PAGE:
By Daniel Garrett
Living With War
Produced by Neil Young and Niko Bolas
Co-Producer: L.A. Johnson
“What will people do after the garden is gone? What will people say after the garden?,” asks Neil Young in the song “After the Garden,” connecting his current work—Living With War—to the past work and hopes of his generation, connecting his current work to the general population’s increasing concern with environmental destruction, connecting fears about political leadership to the future. “Won’t need no strong man walkin’ through the night, to live a weak man’s day,” writes Young, whose generation in the 1960s and 1970s were heroes of self-creation, social purpose, and political awareness.
“I’m living with war everyday. I’m living with war in my heart everyday. I’m living with war right now,” Neil Young states, singing sadly in his high voice about his adopted country’s embattlement in Iraq, and his own torment about it. He sings of seeing televised war reports, of praying for peace, of joining protests against the war, stating, “I never bow to the laws of the thought police. I take a holy vow to never kill again.” The guitar and drum sounds are the sparest rock music, with just a bit of organized noise, but the feeling in the song is unusual—a calm disturbance, a deep disapproval, a moving sadness. This is work of both a hurt heart and offended morality. (I think the American writers and thinkers Emerson and Thoreau would understand this Canadian musician.) Neil Young mentions “how the west was won” and advises the listener to think of peace in “crowded streets” and “big hotels” and “mosques” and in “the old museum,” before quoting the lines “the rocket’s red glare, bombs bursting in air, give proof to the night that our flag is still there,” which seems an acknowledgement that war is part of the American nation’s very foundation.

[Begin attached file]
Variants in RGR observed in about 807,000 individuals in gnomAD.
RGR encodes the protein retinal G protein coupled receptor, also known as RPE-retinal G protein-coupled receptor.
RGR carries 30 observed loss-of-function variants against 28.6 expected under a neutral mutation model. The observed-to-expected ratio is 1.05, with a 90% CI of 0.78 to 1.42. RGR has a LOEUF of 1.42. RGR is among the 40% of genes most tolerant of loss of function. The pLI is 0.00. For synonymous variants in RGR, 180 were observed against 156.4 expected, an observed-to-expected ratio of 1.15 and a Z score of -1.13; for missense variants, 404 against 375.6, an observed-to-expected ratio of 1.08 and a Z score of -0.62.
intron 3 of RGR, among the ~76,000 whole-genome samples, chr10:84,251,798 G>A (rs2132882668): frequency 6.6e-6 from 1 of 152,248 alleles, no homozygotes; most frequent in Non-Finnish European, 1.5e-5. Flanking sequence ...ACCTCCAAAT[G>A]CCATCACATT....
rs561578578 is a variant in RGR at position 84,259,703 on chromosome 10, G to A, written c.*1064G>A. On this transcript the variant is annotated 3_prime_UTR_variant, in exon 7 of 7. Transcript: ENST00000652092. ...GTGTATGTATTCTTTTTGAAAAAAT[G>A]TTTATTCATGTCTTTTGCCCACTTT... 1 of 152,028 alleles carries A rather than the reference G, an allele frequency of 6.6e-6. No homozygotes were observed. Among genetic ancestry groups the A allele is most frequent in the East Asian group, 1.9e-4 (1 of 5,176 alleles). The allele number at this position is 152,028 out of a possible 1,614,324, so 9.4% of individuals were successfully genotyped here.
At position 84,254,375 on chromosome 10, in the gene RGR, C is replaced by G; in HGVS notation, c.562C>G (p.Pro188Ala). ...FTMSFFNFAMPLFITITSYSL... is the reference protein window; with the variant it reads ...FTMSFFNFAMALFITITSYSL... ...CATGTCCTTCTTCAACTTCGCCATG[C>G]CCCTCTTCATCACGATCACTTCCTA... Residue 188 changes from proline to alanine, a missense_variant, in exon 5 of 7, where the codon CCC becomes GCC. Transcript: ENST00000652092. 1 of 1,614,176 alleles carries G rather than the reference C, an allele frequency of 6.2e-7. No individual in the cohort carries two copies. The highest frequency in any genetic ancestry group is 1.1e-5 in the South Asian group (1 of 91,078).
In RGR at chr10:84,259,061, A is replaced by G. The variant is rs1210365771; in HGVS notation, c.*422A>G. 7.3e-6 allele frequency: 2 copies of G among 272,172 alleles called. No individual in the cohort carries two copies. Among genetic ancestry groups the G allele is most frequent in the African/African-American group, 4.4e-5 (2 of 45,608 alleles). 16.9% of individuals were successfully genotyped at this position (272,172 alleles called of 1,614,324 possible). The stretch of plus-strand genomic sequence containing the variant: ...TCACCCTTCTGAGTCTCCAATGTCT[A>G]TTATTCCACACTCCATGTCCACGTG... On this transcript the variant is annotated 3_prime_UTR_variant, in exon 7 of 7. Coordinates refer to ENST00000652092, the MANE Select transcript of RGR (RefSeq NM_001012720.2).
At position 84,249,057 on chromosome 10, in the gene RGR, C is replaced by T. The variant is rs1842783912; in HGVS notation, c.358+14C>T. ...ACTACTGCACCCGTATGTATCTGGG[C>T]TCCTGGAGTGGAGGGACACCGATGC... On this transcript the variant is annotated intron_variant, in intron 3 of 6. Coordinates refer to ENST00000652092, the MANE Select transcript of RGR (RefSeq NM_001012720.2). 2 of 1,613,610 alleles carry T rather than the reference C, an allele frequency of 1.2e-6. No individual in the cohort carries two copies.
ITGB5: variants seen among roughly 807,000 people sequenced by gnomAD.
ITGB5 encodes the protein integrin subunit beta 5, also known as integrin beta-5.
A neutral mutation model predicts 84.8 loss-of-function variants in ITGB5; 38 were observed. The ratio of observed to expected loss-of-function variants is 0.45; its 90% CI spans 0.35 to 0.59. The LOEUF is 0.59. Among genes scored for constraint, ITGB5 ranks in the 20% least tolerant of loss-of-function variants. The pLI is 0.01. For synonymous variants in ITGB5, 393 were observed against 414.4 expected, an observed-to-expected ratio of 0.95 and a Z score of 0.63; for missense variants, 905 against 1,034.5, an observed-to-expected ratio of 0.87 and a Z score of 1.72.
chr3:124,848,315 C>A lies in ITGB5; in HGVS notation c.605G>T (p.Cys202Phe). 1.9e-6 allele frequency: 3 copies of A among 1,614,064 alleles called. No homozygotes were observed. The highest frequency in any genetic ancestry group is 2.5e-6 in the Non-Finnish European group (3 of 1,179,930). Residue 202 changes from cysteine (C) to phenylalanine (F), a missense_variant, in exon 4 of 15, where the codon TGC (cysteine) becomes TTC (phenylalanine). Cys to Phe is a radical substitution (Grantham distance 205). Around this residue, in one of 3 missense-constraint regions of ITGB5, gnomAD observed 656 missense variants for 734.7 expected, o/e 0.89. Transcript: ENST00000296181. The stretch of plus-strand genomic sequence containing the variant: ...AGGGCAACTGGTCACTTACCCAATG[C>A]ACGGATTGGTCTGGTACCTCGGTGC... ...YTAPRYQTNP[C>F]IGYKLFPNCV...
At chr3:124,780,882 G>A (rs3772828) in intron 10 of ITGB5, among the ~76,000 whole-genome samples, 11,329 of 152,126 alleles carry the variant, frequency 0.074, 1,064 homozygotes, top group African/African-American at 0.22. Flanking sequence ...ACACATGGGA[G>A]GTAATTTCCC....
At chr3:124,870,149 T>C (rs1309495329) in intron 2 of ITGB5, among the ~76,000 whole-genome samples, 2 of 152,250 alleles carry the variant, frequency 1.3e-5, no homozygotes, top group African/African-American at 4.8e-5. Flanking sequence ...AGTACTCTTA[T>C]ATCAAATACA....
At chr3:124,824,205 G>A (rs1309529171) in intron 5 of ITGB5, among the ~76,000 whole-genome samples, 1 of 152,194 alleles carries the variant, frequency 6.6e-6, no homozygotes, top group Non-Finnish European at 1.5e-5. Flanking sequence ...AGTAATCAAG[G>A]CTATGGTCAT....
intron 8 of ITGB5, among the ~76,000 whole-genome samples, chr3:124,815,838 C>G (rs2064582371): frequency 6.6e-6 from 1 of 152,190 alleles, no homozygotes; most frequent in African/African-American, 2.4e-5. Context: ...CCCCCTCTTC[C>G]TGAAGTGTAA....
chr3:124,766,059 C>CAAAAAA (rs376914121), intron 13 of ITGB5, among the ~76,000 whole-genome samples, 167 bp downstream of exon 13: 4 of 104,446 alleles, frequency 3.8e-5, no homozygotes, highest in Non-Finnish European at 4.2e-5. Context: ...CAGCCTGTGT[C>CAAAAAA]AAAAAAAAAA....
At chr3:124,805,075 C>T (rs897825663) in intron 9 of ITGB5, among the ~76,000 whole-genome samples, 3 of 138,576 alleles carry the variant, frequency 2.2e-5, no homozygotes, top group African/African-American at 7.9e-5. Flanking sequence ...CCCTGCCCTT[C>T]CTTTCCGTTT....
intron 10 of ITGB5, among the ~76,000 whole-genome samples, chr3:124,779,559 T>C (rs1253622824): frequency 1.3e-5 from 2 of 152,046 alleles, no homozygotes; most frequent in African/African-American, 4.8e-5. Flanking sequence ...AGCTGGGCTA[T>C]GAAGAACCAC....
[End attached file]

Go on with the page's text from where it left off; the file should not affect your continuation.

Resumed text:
In “The Restless Consumer,” Neil Young alludes to the American election in which Republicans lost offices to Democrats, in which the ongoing war was rejected, despite the appeal “on the desert sands” of the “Queen of Oil.” Neil Young’s tender voice becomes a firmer, chastising speaking voice. Young repudiates advertising, and the cultivation of desire. He rejects lies. “The restless consumer flies around the world each day, with such an appetite for taste and grace”—and also an appetite for anything that sells; and for efficiency and pace. Young contrasts spending money on war rather than medicine. Neil Young sings in the voice of the poor (that, alone, is a leap of imagination, a rare empathy). “A hundred voices from a hundred lands” are crying out, and need someone to listen, Neil Young declares; and there is more information regarding the state of the world in Young’s short lines than in most nightly news reports. He realizes what could happen and says no to the endless cycle of retribution: “Don’t need no terror squad, don’t want no damned jihad, blowin’ themselves away in my ’hood, but we don’t talk to them, and we don’t learn from them.”
The false intelligence, the expectation of military success, and the early sense of triumph and victory have given way to death, the bodies returning home with little ceremony, to increasing losses on both sides, to grief and bad memories, all recounted in Young’s “Shock and Awe,” with its propulsive, shimmery percussion, jangling guitar notes, and grief-filled horn, a song in which Young recalls, “We had a chance to change our mind, but somehow wisdom was hard to find. We went with what we knew and now we can’t go back, but we had a chance to change our mind.” It is impossible not to see the difference between intelligence and wisdom.